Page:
Grandeur of the Seas gives off a feeling of intimacy as soon as you step on board. Clustered seating areas scattered around the circular four-deck-high Centrum beckon you to sit and chat or enjoy the live music often playing there. The adults-only Solarium with a bar for refreshments was my go-to quiet spot because I never had to wait for a free lounge chair in the calming space. The small size also makes it simple for crew members to get to know guests. By day two, the server at Park Cafe (also in the Solarium) already knew that I’d want a cup of fruit to go with my two slices of pepperoni pizza.
It’s also effortless to meet fellow cruisers on board smaller ships. It’s like the difference between a visit to a playground at your local park and a visit to Disney World. You’ll see the same people day after day aboard a smaller ship, making it far easier to strike up interesting conversations.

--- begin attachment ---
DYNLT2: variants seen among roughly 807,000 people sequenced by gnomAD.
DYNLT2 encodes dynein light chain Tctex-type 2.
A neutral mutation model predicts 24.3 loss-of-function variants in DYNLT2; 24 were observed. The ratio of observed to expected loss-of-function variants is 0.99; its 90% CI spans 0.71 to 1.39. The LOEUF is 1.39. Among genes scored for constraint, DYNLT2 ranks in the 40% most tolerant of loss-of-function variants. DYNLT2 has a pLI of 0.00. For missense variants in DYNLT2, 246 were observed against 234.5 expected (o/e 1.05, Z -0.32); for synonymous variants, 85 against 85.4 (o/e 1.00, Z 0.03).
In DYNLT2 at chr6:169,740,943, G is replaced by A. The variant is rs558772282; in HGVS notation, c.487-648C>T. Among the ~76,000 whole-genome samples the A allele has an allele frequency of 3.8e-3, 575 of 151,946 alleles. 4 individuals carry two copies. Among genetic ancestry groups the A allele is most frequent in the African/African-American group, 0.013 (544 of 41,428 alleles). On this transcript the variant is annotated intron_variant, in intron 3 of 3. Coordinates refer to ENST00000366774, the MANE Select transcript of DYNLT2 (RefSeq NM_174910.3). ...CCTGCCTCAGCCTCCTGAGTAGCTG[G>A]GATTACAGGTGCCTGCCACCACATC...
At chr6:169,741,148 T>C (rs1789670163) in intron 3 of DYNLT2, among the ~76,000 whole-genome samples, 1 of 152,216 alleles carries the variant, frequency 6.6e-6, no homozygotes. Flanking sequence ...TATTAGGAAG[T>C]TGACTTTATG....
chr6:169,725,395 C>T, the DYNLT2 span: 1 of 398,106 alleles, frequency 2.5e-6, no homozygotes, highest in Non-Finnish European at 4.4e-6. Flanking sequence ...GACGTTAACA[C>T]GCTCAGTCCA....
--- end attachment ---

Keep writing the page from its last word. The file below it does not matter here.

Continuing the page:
The main dining room experience is a highlight of the cruise
A meal in the main dining room is always a cruise experience not to be missed. From service with a flourish to a menu inviting you to try more than one entree, meals in the main dining room are an iconic part of what makes a cruise fun. But among today’s largest mainstream ships, these gala dinners can be the first thing that falters.
I did not find that to be the case with Grandeur. My husband and I enjoyed the food and service so much that we missed it on the nights we dined elsewhere. We lingered over lunch in the main dining room on sea days and had ample time for a waiter-served breakfast even on our port day. Unlike recent cruises on larger ships, we found ourselves considering the main dining room as our first choice for all meals, rather than our last.
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Spur-of-the-moment specialty dining is possible